Saab said on March 29 that it had been forced to interrupt production the previous day due to problems with suppliers. Saab's new Dutch owner Spyker said production had resumed on March 30 at the factory in Trollhattan, in southwest Sweden, and assured that Saab "has sufficient means to meet its immediate liquidity needs."
"Certain suppliers halted supplies to Saab Automobile pending discussions about payments and supply terms," Spyker said.
Saab Automobile continues to work on longer term solutions to further strengthen its financial position and improve its capital structure. "Saab Automobile expects to resolve these issues in the short term, also to prevent any further disruptions in supply," it added.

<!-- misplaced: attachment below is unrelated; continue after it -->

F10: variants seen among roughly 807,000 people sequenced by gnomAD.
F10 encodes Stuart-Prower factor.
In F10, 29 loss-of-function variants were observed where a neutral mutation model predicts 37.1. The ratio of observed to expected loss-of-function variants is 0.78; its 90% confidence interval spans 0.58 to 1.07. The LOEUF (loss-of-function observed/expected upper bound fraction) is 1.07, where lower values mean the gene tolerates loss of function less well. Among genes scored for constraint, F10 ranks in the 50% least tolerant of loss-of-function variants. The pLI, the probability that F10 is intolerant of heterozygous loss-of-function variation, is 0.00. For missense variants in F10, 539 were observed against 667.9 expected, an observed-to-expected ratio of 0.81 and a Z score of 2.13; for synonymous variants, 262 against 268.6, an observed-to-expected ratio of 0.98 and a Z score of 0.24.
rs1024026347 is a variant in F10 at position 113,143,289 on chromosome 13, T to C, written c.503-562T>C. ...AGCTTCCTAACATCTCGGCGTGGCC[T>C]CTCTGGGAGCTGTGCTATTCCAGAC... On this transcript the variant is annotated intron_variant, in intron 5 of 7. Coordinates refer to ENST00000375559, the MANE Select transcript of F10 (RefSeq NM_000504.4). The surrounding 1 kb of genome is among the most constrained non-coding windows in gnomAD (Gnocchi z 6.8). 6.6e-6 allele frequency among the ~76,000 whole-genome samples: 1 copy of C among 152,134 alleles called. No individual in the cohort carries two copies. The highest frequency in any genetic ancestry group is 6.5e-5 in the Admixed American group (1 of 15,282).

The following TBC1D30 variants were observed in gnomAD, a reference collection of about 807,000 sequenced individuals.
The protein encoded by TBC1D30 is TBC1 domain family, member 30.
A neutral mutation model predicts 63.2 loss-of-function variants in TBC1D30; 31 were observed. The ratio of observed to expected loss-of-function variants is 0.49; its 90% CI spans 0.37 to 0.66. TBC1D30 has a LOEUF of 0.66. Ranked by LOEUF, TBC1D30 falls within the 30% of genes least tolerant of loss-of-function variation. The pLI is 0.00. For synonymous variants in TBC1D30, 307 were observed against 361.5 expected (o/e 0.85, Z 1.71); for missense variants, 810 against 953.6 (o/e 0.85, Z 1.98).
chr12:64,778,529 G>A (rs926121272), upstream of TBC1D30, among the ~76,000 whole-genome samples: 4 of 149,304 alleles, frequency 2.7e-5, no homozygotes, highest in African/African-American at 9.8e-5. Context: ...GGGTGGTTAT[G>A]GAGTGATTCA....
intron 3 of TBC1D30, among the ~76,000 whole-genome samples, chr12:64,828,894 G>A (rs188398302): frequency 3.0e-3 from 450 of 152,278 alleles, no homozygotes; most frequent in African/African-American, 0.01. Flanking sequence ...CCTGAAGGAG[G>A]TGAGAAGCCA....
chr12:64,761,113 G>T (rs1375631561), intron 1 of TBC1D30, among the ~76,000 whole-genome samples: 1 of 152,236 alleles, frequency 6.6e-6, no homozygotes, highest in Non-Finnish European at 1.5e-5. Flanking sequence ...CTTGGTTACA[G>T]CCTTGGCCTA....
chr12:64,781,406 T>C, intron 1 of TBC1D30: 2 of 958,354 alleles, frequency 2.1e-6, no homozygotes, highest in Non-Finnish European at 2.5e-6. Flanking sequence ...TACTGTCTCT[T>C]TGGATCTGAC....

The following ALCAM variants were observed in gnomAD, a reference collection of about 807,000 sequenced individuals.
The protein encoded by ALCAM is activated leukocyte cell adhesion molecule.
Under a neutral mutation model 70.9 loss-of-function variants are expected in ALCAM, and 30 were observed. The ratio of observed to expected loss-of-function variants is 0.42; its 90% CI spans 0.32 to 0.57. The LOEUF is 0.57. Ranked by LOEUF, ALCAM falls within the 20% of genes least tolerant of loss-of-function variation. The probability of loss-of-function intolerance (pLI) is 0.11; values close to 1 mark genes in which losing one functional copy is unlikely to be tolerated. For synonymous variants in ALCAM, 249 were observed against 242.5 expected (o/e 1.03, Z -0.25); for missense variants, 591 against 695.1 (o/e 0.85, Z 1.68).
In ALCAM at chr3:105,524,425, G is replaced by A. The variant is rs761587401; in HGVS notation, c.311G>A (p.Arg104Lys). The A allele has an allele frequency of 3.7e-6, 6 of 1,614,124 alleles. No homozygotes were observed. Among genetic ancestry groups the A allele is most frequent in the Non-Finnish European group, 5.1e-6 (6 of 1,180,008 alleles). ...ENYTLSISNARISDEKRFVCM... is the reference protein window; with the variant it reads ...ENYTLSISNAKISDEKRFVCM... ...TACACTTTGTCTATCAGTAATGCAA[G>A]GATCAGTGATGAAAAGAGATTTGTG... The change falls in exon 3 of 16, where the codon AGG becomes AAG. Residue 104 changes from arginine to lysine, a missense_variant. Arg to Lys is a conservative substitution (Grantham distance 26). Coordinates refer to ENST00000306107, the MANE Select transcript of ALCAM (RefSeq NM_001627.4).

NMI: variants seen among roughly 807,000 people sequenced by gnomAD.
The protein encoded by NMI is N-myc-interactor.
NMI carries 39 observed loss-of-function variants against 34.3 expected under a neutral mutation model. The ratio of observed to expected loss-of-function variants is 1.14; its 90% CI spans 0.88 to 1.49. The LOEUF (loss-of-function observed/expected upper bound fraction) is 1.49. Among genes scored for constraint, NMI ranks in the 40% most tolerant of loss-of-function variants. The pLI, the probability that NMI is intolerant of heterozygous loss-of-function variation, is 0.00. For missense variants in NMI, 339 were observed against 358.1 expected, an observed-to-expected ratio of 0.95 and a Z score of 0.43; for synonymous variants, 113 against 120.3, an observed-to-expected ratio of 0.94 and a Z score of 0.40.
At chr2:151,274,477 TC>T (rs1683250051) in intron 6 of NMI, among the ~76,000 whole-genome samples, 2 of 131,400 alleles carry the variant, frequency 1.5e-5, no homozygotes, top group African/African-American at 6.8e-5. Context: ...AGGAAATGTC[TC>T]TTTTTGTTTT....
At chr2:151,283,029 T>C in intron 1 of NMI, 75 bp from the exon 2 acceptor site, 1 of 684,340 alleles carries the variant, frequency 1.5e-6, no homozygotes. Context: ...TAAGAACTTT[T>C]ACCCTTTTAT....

The incident comes the week after Saab announced that its managing director Jan-Aake Jonsson was leaving for personal reasons.
Spyker also announced on March 25 that its losses had multiplied in 2010, soaring to 218 million euros (US$309 million) for the year, against a loss of 23 million euros in 2009.
General Motors owned Saab for 20 years but the Swedish company never made a profit during that period. In 2009, output plunged to 38,756 vehicles from 93,000 in 2008. Spyker came in early last year and bought Saab from GM for $400 million.
Despite all the problems Spyker still has high ambitions for Saab. Spyker hopes to boost production way up 80,000 this year, but still expects annual losses before a return to the black in 2012.
Copyright Agence France-Presse, 2011